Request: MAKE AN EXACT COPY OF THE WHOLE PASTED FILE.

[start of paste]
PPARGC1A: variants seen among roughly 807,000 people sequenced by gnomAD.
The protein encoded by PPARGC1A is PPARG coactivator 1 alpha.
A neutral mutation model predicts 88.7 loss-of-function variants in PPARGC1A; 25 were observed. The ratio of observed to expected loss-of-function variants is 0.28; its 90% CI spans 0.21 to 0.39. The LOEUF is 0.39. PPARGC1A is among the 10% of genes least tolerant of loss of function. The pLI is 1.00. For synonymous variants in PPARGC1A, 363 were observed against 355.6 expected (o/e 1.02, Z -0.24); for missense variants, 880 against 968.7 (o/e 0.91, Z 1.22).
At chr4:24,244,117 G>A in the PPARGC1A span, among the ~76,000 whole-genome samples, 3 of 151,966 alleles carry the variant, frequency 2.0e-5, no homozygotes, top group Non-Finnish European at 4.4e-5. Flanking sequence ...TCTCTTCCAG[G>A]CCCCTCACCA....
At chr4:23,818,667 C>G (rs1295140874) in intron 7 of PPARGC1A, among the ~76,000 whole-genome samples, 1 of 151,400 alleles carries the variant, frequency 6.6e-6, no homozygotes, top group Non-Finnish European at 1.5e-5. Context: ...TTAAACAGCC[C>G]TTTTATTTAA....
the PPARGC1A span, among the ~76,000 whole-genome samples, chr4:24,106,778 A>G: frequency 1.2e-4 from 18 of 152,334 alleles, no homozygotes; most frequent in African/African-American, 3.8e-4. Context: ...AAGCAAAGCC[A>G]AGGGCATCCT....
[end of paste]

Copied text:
PPARGC1A: variants seen among roughly 807,000 people sequenced by gnomAD.
The protein encoded by PPARGC1A is PPARG coactivator 1 alpha.
A neutral mutation model predicts 88.7 loss-of-function variants in PPARGC1A; 25 were observed. The ratio of observed to expected loss-of-function variants is 0.28; its 90% CI spans 0.21 to 0.39. The LOEUF is 0.39. PPARGC1A is among the 10% of genes least tolerant of loss of function. The pLI is 1.00. For synonymous variants in PPARGC1A, 363 were observed against 355.6 expected (o/e 1.02, Z -0.24); for missense variants, 880 against 968.7 (o/e 0.91, Z 1.22).
At chr4:24,244,117 G>A in the PPARGC1A span, among the ~76,000 whole-genome samples, 3 of 151,966 alleles carry the variant, frequency 2.0e-5, no homozygotes, top group Non-Finnish European at 4.4e-5. Flanking sequence ...TCTCTTCCAG[G>A]CCCCTCACCA....
At chr4:23,818,667 C>G (rs1295140874) in intron 7 of PPARGC1A, among the ~76,000 whole-genome samples, 1 of 151,400 alleles carries the variant, frequency 6.6e-6, no homozygotes, top group Non-Finnish European at 1.5e-5. Context: ...TTAAACAGCC[C>G]TTTTATTTAA....
the PPARGC1A span, among the ~76,000 whole-genome samples, chr4:24,106,778 A>G: frequency 1.2e-4 from 18 of 152,334 alleles, no homozygotes; most frequent in African/African-American, 3.8e-4. Context: ...AAGCAAAGCC[A>G]AGGGCATCCT....